The Maryland football position preview series continues with a look at the running back position. The Terps will need to replace their premier back from 2020 in Jake Funk who is now in the NFL with the Los Angeles Rams.
While there may be inexperience on the depth chart at this position, head coach Mike Locksley is hoping some of the returners and new talent can break through and produce in the run game.
There is depth at the running back position with capable backs who can make plays on the ground, catch passes and operate as blockers. While some running backs have established themselves more than others throughout the offseason, there is no sure-fire starter as of now. It is likely Maryland will take a running back by committee approach, especially to start the season.
Maryland’s 2021 running back depth
|10 Att, 26 Net, 2.6 Avg, 0 TD
|19 Att, 61 Net, 3.2 Avg, 0 TD
|19 Att, 86 Net, 4.5 Avg, 0 TD
Who to expect to see carrying the load
At the Big Ten media day in Indianapolis, Locksley was asked who he expected to pick up the load at the running back position now that Funk is gone.
“It starts with Tayon Fleet-Davis,” Locksley said. “Fleet is one of those guys that is a Swiss army knife.”
Fleet-Davis has the most experience in the backfield as a redshirt senior. Last season he only played one game and rushed for 26 yards on 10 attempts. In his junior season in 2019, the Oxon Hill, Maryland native appeared in 10 games and was third on the team in rushing yards with 265.
Maryland’s offensive staff expects Fleet-Davis to be a versatile back that can serve multiple functions. Locksley noted that he has the ability to pass catch, pass-protect on third downs, help in short-yardage situations and be a playmaker on first and second downs.
Two other guys Maryland will rely on in the backfield is the sophomore duo of Isaiah Jacobs and Peny Boone. Both backs saw time in the shortened 2020 season. Both Boone and Jacobs had 19 carries last season and rushed for 86 and 61 yards, respectively.
Locksley also mentioned freshman Roman Hemby as a talented back who will be in the mix. Hemby recorded over 1,500 rushing yards and 18 touchdowns over two seasons at John Carroll High School.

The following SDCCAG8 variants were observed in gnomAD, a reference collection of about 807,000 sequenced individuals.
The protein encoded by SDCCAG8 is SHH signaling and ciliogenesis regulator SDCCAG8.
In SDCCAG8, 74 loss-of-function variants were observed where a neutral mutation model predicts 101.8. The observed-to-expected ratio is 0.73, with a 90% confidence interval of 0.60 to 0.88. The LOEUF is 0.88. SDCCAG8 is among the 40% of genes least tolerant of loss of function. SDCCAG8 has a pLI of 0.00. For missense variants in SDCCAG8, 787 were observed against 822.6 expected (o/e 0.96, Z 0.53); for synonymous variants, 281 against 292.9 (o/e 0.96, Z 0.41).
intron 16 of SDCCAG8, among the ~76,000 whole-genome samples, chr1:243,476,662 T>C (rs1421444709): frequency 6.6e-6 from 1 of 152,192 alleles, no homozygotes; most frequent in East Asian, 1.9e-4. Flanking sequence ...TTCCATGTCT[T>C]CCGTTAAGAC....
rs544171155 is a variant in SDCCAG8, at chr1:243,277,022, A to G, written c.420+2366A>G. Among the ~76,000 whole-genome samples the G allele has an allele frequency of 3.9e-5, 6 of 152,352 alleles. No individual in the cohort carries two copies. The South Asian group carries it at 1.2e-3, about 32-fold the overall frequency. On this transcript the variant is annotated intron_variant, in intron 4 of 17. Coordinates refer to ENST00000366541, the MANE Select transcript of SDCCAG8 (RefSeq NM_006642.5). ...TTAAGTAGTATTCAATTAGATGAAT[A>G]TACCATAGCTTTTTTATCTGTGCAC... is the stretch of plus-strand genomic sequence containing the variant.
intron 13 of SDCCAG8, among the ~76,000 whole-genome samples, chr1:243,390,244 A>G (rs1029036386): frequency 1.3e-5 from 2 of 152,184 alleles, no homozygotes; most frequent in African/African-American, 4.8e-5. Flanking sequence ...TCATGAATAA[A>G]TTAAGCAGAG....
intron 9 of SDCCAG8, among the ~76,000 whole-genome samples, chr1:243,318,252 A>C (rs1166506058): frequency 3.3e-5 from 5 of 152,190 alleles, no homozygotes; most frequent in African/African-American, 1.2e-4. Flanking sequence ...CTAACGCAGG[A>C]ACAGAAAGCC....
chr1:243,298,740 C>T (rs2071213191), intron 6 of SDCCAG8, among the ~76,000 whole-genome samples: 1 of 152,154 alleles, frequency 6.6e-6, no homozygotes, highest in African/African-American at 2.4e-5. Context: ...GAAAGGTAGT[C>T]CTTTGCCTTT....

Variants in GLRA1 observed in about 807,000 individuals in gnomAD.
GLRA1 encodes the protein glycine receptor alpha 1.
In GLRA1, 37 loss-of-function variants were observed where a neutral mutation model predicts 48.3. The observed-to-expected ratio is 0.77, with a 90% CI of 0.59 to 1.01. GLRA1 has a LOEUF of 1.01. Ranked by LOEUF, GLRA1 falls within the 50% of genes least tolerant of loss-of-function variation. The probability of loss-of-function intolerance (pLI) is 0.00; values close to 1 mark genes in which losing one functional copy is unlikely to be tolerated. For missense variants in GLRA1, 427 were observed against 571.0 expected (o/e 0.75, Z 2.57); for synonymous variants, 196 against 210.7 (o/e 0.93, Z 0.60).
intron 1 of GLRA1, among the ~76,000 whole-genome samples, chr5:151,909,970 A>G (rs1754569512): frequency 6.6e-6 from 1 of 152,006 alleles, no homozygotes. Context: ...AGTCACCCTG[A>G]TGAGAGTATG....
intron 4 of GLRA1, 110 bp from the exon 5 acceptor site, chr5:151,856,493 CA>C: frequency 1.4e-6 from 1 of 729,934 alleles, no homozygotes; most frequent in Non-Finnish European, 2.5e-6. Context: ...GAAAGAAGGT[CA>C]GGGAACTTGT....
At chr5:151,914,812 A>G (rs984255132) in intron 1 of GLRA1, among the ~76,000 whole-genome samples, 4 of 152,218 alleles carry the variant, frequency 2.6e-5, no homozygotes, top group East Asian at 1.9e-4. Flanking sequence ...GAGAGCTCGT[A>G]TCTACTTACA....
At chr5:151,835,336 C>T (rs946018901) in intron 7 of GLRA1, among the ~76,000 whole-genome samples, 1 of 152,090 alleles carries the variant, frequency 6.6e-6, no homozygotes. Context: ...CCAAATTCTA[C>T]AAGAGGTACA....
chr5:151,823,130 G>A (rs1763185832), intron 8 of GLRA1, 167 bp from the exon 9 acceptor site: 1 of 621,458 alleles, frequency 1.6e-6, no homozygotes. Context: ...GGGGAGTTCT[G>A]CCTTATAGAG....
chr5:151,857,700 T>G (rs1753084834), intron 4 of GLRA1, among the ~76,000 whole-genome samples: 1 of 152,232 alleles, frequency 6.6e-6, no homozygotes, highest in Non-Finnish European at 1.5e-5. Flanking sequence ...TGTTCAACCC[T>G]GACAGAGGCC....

“I expect him to have a big year for us,” Locksley said about Hemby.
If anything is clear from Maryland’s running back situation it’s that it will be a group effort and fans should not expect to see the Terps relying too much on one guy.
How the run game can open up the rest of the offense
The expectations for Maryland’s offense are sky-high entering the 2021 season. The quarterbacks, wide receivers and tight ends are mostly established with the season one month away.
There are still question marks surrounding the offensive line, but Locksley said he thinks that unit has improved the most on the offensive side of the ball throughout the offseason. However, no room has more question marks offensively than the running backs room. While there certainly is potential, the inexperience and lack of established backs put an uncertain feel in the backfield.
As discussed in the quarterback preview, the Terps’ offense will rely on the passing game more than any other facet. But if the running game is able to get going, it will alleviate pressure from Taulia and make it easier for Maryland’s elite playmakers to operate in the middle of the field.
The run game often depends on the effectiveness of the offensive line’s ability to get out and block. As mentioned, Locksley believes the offensive line has improved, meaning there should be more opportunities for guys like Fleet-Davis, Jacobs and Boone to make plays out of the backfield, either as pass catchers or runners.
Maryland’s offensive success won't necessarily come down to the run game, but if the Terps backs can become explosive playmakers, or at least be serviceable while taking care of the ball, this Maryland offense will be quite the challenge for opposing defensives.